by Stephen Tall on April 27, 2012
As the BBC News reports here, Lib Dem deputy leader Simon Hughes last night called for the independent advisor on the ministerial code to investigate whether the allegations that Conservative culture secretary Jeremy Hunt was too friendly to the Murdochs are accurate:
Deputy leader Simon Hughes has become the first senior Liberal Democrat to join calls for an inquiry into whether Culture Secretary Jeremy Hunt breached the ministerial code of conduct. Downing Street says there are no plans to investigate the contact between News Corp and Mr Hunt’s ex-special adviser. Mr Hughes said he could not understand why the issue was not being referred to the independent watchdog. …
Mr Hughes said on the BBC’s Question Time on Thursday that at the moment he did not think Mr Hunt should resign. But he added: “What I cannot understand is why the matter of the ministerial code of conduct is not something the prime minister immediately should refer to the person who’s been given the job to do it. He has so far, I gather, resisted doing it. I don’t think it gets in the way of the Leveson Inquiry and the evidence – it’s a separate matter. I don’t know why he hasn’t done it but I would have thought, to give confidence in the system, I hope the prime minister reconsiders his view. That must be in Jeremy’s interest. If Jeremy is correct in what he’s said, he’ll be vindicated. If he’s not, then he has to take the consequences.”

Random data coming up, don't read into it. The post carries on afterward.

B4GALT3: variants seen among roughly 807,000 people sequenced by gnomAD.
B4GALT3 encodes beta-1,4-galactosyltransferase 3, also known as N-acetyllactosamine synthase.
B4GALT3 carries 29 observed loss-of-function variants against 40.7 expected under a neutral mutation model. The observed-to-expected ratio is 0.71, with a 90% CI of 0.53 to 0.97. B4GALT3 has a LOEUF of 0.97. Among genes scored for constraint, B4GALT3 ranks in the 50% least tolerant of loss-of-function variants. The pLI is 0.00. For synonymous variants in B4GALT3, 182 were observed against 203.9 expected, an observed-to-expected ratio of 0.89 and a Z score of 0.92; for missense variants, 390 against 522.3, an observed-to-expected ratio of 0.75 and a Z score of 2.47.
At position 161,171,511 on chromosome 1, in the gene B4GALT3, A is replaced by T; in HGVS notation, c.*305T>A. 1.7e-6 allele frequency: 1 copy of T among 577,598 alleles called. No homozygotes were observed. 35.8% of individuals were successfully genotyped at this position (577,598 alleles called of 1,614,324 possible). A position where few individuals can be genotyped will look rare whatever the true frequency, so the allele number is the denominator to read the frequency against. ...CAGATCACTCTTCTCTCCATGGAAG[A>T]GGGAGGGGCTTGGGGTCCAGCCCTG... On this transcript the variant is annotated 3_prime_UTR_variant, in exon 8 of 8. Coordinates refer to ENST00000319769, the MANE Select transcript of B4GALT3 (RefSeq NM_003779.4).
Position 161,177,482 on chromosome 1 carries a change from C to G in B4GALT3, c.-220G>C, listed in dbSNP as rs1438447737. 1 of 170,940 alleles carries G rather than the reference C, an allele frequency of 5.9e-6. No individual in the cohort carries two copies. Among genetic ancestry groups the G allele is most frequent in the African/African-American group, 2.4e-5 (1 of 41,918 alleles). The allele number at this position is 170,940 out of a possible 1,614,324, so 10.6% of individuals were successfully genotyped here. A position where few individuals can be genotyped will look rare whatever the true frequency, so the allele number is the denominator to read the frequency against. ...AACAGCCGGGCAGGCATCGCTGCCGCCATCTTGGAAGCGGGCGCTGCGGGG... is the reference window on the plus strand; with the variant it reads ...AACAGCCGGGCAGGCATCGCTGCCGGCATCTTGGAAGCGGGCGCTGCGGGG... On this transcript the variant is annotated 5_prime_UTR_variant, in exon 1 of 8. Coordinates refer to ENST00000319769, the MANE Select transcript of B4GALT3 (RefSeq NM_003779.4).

Simon’s view differs from that of Don Foster, the party’s culture spokesperson, who has publicly backed Jeremy Hunt and said we should await the Leveson inquiry report. I think Simon has called this entirely right, and accurately represents the views not only of Lib Dems but also the wider public.
Though David Cameron and Ed Miliband are keen to shrug off any responsibility on behalf of the Conservative/Labour parties for cosying-up to the Murdochs, the Lib Dems are right to point out that they’ve never kow-towed to News Corp — a point Nick Clegg ad-libbed into PMQs this week, as I blogged here.
The Leveson inquiry will continue its examination of media ethics. Meanwhile the Prime Minister should ask Sir Alex Allan to examine his culture secretary’s. As Simon points out, if there’s been no breach of the ministerial code Jeremy Hunt can rest easy.